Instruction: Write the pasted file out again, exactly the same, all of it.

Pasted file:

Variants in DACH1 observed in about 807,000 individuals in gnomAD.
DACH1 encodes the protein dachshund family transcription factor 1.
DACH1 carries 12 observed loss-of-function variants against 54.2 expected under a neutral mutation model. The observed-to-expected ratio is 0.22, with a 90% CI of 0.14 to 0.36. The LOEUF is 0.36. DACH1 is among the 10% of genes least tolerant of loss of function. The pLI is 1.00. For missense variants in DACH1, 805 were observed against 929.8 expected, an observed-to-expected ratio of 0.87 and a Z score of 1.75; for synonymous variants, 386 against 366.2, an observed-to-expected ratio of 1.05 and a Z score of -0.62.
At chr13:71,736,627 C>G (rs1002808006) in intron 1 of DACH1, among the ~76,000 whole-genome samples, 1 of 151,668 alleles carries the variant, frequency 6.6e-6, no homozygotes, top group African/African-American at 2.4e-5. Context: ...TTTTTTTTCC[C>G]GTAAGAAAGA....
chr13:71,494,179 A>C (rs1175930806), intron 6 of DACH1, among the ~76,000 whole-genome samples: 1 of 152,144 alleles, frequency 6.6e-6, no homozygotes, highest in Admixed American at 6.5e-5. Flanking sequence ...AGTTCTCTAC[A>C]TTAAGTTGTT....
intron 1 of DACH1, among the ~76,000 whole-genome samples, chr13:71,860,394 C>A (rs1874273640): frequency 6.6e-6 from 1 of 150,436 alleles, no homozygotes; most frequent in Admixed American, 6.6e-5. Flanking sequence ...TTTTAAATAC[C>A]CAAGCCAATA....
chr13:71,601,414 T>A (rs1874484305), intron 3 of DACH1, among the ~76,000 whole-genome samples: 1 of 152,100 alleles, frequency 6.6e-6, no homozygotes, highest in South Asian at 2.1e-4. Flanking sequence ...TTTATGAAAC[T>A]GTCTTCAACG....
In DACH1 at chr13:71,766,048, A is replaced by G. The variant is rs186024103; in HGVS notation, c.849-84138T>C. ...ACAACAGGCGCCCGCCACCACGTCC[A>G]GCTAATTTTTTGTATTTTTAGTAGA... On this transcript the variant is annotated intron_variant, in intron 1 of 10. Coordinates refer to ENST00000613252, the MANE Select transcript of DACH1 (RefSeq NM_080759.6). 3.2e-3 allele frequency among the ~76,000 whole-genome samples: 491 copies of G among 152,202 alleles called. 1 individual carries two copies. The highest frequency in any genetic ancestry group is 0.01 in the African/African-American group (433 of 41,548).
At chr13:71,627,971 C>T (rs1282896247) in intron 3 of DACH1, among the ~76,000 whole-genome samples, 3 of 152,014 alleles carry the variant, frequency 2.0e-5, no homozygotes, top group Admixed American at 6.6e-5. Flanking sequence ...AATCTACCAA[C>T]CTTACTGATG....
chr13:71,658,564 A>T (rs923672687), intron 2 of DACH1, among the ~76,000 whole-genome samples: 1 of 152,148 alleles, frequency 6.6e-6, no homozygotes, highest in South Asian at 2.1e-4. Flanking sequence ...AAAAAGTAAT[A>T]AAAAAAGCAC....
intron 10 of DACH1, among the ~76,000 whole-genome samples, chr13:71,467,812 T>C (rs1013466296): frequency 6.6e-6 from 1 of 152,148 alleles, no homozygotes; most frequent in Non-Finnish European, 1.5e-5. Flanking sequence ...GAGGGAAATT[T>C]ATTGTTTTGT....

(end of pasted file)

Variants in DACH1 observed in about 807,000 individuals in gnomAD.
DACH1 encodes the protein dachshund family transcription factor 1.
DACH1 carries 12 observed loss-of-function variants against 54.2 expected under a neutral mutation model. The observed-to-expected ratio is 0.22, with a 90% CI of 0.14 to 0.36. The LOEUF is 0.36. DACH1 is among the 10% of genes least tolerant of loss of function. The pLI is 1.00. For missense variants in DACH1, 805 were observed against 929.8 expected, an observed-to-expected ratio of 0.87 and a Z score of 1.75; for synonymous variants, 386 against 366.2, an observed-to-expected ratio of 1.05 and a Z score of -0.62.
At chr13:71,736,627 C>G (rs1002808006) in intron 1 of DACH1, among the ~76,000 whole-genome samples, 1 of 151,668 alleles carries the variant, frequency 6.6e-6, no homozygotes, top group African/African-American at 2.4e-5. Context: ...TTTTTTTTCC[C>G]GTAAGAAAGA....
chr13:71,494,179 A>C (rs1175930806), intron 6 of DACH1, among the ~76,000 whole-genome samples: 1 of 152,144 alleles, frequency 6.6e-6, no homozygotes, highest in Admixed American at 6.5e-5. Flanking sequence ...AGTTCTCTAC[A>C]TTAAGTTGTT....
intron 1 of DACH1, among the ~76,000 whole-genome samples, chr13:71,860,394 C>A (rs1874273640): frequency 6.6e-6 from 1 of 150,436 alleles, no homozygotes; most frequent in Admixed American, 6.6e-5. Flanking sequence ...TTTTAAATAC[C>A]CAAGCCAATA....
chr13:71,601,414 T>A (rs1874484305), intron 3 of DACH1, among the ~76,000 whole-genome samples: 1 of 152,100 alleles, frequency 6.6e-6, no homozygotes, highest in South Asian at 2.1e-4. Flanking sequence ...TTTATGAAAC[T>A]GTCTTCAACG....
In DACH1 at chr13:71,766,048, A is replaced by G. The variant is rs186024103; in HGVS notation, c.849-84138T>C. ...ACAACAGGCGCCCGCCACCACGTCC[A>G]GCTAATTTTTTGTATTTTTAGTAGA... On this transcript the variant is annotated intron_variant, in intron 1 of 10. Coordinates refer to ENST00000613252, the MANE Select transcript of DACH1 (RefSeq NM_080759.6). 3.2e-3 allele frequency among the ~76,000 whole-genome samples: 491 copies of G among 152,202 alleles called. 1 individual carries two copies. The highest frequency in any genetic ancestry group is 0.01 in the African/African-American group (433 of 41,548).
At chr13:71,627,971 C>T (rs1282896247) in intron 3 of DACH1, among the ~76,000 whole-genome samples, 3 of 152,014 alleles carry the variant, frequency 2.0e-5, no homozygotes, top group Admixed American at 6.6e-5. Flanking sequence ...AATCTACCAA[C>T]CTTACTGATG....
chr13:71,658,564 A>T (rs923672687), intron 2 of DACH1, among the ~76,000 whole-genome samples: 1 of 152,148 alleles, frequency 6.6e-6, no homozygotes, highest in South Asian at 2.1e-4. Flanking sequence ...AAAAAGTAAT[A>T]AAAAAAGCAC....
intron 10 of DACH1, among the ~76,000 whole-genome samples, chr13:71,467,812 T>C (rs1013466296): frequency 6.6e-6 from 1 of 152,148 alleles, no homozygotes; most frequent in Non-Finnish European, 1.5e-5. Flanking sequence ...GAGGGAAATT[T>C]ATTGTTTTGT....